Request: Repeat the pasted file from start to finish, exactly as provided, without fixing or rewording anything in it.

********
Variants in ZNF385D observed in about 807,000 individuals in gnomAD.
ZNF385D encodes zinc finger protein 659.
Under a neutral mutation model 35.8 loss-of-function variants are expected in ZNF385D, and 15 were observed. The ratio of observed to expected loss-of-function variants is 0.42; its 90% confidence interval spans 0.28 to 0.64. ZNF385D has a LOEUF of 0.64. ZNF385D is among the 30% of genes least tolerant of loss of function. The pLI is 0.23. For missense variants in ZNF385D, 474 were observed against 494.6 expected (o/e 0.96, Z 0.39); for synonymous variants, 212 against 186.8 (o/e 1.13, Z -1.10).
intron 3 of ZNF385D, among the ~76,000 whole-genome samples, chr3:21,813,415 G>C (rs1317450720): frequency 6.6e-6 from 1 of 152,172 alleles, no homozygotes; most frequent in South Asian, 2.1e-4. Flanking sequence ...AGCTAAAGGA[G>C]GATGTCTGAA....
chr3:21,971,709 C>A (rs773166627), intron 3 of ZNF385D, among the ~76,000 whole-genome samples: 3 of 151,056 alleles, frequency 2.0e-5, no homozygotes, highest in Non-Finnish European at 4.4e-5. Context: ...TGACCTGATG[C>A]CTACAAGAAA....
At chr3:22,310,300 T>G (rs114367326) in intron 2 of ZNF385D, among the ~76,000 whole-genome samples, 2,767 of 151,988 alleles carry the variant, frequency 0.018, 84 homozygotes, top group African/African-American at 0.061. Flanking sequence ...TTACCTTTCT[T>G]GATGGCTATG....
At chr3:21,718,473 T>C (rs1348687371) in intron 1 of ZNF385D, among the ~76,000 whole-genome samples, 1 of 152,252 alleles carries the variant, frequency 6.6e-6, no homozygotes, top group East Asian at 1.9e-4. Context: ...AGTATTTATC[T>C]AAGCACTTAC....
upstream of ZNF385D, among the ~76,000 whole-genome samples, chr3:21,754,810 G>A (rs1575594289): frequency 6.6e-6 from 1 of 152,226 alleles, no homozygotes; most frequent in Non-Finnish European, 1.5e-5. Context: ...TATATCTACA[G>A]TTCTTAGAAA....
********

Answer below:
Variants in ZNF385D observed in about 807,000 individuals in gnomAD.
ZNF385D encodes zinc finger protein 659.
Under a neutral mutation model 35.8 loss-of-function variants are expected in ZNF385D, and 15 were observed. The ratio of observed to expected loss-of-function variants is 0.42; its 90% confidence interval spans 0.28 to 0.64. ZNF385D has a LOEUF of 0.64. ZNF385D is among the 30% of genes least tolerant of loss of function. The pLI is 0.23. For missense variants in ZNF385D, 474 were observed against 494.6 expected (o/e 0.96, Z 0.39); for synonymous variants, 212 against 186.8 (o/e 1.13, Z -1.10).
intron 3 of ZNF385D, among the ~76,000 whole-genome samples, chr3:21,813,415 G>C (rs1317450720): frequency 6.6e-6 from 1 of 152,172 alleles, no homozygotes; most frequent in South Asian, 2.1e-4. Flanking sequence ...AGCTAAAGGA[G>C]GATGTCTGAA....
chr3:21,971,709 C>A (rs773166627), intron 3 of ZNF385D, among the ~76,000 whole-genome samples: 3 of 151,056 alleles, frequency 2.0e-5, no homozygotes, highest in Non-Finnish European at 4.4e-5. Context: ...TGACCTGATG[C>A]CTACAAGAAA....
At chr3:22,310,300 T>G (rs114367326) in intron 2 of ZNF385D, among the ~76,000 whole-genome samples, 2,767 of 151,988 alleles carry the variant, frequency 0.018, 84 homozygotes, top group African/African-American at 0.061. Flanking sequence ...TTACCTTTCT[T>G]GATGGCTATG....
At chr3:21,718,473 T>C (rs1348687371) in intron 1 of ZNF385D, among the ~76,000 whole-genome samples, 1 of 152,252 alleles carries the variant, frequency 6.6e-6, no homozygotes, top group East Asian at 1.9e-4. Context: ...AGTATTTATC[T>C]AAGCACTTAC....
upstream of ZNF385D, among the ~76,000 whole-genome samples, chr3:21,754,810 G>A (rs1575594289): frequency 6.6e-6 from 1 of 152,226 alleles, no homozygotes; most frequent in Non-Finnish European, 1.5e-5. Context: ...TATATCTACA[G>A]TTCTTAGAAA....